Credit cards

Credit cards

Most contain a credit card strip reader to read magnetically enclosed card information.

Many have a built-in telephone or have the capability of being connected to a telephone, thereby gaining access to a voice line.

Newer models contain microprocessors and sufficient data storage for handling data capture and polled data transmission and settlement.

The terminals contain various levels of intelligence to create the multiple protocol and message formats to properly transmit and receive information over multiple vendor data/interchange networks.

Access to voice authorization networks is provided for over “floor limit” and other exception authorization transactions.

Data entry and function keys and minimum visual display are provided to create electronic data transmission and receive automated authorization.

? Retail authorization terminals can be connected to multiple credit card authorization data networks. The network entered is that of the primary service provider (financial institution, credit card association, commercial processing vendor, and more recently VAN vendor(s)). Accounts not held by the primary vendor are routed through credit card interchange networks to other card authorization centers or to financial institutions.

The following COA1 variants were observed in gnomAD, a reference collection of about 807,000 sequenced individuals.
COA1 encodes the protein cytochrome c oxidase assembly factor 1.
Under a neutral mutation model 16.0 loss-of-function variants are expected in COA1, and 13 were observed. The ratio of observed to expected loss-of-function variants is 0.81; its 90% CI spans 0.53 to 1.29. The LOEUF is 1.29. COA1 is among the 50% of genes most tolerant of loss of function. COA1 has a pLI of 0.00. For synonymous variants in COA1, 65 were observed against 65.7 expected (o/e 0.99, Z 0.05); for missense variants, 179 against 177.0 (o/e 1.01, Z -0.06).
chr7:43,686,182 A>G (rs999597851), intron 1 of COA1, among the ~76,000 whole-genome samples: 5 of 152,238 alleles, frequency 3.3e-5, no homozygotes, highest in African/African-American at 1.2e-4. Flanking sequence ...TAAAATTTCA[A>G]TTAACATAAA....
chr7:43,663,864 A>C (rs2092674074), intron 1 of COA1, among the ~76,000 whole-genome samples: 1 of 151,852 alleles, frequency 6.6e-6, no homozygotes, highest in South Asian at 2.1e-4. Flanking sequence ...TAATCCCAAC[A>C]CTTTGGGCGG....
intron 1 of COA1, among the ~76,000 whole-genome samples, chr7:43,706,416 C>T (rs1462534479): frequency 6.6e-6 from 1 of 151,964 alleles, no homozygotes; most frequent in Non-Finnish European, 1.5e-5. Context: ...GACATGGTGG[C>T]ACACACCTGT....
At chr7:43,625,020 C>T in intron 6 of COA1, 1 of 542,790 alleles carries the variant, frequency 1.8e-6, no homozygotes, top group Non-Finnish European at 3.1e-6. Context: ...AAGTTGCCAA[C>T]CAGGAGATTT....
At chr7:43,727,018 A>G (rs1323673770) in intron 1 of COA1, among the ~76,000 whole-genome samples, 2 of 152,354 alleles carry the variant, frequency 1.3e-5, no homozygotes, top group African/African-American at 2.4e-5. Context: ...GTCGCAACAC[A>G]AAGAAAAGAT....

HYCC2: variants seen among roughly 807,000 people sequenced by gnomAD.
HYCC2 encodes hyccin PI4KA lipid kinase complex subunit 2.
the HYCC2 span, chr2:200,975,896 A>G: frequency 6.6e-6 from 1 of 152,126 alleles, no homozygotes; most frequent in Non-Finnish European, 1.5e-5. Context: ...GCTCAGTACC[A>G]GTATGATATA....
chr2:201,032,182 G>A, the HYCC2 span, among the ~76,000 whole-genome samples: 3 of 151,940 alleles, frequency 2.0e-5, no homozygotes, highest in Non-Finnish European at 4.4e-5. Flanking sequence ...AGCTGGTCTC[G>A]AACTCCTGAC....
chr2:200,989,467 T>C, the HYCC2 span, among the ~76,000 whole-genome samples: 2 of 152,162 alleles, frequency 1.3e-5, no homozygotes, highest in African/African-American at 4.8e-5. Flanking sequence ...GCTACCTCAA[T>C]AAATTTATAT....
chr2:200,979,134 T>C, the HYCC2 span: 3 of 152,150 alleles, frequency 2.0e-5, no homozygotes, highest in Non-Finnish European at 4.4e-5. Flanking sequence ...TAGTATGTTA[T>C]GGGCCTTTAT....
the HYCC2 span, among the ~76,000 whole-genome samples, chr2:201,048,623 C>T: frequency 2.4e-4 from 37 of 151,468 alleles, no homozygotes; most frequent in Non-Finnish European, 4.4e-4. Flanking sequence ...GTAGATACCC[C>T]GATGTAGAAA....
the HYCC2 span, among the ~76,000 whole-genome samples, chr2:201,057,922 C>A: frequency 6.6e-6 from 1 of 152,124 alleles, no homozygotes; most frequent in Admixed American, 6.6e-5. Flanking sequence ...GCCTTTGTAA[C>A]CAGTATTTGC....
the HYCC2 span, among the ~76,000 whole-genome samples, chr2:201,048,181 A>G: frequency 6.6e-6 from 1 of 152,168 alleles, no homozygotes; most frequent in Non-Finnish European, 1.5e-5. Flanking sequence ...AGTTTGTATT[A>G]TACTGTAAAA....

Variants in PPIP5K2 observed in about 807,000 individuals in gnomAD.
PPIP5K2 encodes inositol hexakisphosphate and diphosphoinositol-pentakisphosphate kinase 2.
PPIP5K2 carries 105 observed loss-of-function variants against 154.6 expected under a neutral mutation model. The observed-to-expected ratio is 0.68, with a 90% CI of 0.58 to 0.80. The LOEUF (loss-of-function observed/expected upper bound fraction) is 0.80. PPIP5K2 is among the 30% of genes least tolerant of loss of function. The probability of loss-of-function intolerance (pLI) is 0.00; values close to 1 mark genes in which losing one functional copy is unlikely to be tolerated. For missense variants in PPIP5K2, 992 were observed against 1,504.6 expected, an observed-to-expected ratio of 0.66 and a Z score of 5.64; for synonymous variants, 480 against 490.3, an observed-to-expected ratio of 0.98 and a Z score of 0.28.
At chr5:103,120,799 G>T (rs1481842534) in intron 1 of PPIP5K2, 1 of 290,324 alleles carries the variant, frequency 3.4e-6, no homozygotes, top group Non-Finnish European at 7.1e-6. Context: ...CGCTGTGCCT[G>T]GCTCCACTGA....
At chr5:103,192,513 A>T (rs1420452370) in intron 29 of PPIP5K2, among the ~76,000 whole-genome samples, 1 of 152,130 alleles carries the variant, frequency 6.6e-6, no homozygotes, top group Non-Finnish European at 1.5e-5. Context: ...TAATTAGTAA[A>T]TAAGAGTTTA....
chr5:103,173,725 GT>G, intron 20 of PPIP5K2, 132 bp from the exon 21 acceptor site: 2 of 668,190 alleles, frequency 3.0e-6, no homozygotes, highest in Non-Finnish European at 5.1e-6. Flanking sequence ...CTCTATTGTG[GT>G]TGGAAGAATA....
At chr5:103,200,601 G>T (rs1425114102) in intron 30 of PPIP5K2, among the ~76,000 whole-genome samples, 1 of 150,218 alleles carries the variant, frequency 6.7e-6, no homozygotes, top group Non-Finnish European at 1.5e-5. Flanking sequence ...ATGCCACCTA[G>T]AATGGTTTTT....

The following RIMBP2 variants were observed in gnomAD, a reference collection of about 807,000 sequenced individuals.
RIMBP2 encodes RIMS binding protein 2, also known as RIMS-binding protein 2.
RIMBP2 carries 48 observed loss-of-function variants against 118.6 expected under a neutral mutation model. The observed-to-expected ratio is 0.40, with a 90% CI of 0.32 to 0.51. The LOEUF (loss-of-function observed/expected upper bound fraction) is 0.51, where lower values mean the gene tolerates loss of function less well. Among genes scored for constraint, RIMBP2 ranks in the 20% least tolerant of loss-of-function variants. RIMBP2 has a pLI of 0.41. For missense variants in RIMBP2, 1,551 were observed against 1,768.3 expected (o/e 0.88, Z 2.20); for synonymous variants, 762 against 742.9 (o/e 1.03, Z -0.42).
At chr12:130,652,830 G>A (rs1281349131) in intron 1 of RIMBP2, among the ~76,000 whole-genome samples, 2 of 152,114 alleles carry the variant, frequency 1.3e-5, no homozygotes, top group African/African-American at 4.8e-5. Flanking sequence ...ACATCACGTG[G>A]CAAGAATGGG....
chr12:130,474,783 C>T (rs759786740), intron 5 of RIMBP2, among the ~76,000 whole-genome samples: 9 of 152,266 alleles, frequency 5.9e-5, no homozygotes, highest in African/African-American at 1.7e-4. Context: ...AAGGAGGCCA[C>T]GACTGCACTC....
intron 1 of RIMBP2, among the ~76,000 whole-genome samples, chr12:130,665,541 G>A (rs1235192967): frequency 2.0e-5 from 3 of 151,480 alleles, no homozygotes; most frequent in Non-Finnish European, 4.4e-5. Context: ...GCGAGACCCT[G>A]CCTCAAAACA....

? Large, and increasingly, medium size retailers are installing electronic cash registers with comprehensive voice and electronic interfaces to credit card authorization networks. Newer units have full voice and data communications capabilities integrated with ECR resulting in a comprehensive POS system.

ECRs enter credit card authorization networks via a local (in store/area) switch. The authorization can be routed either directly to credit card authorization networks or via the retail host network (national/regional retailers) to credit card authorization data networks or credit card interchange networks.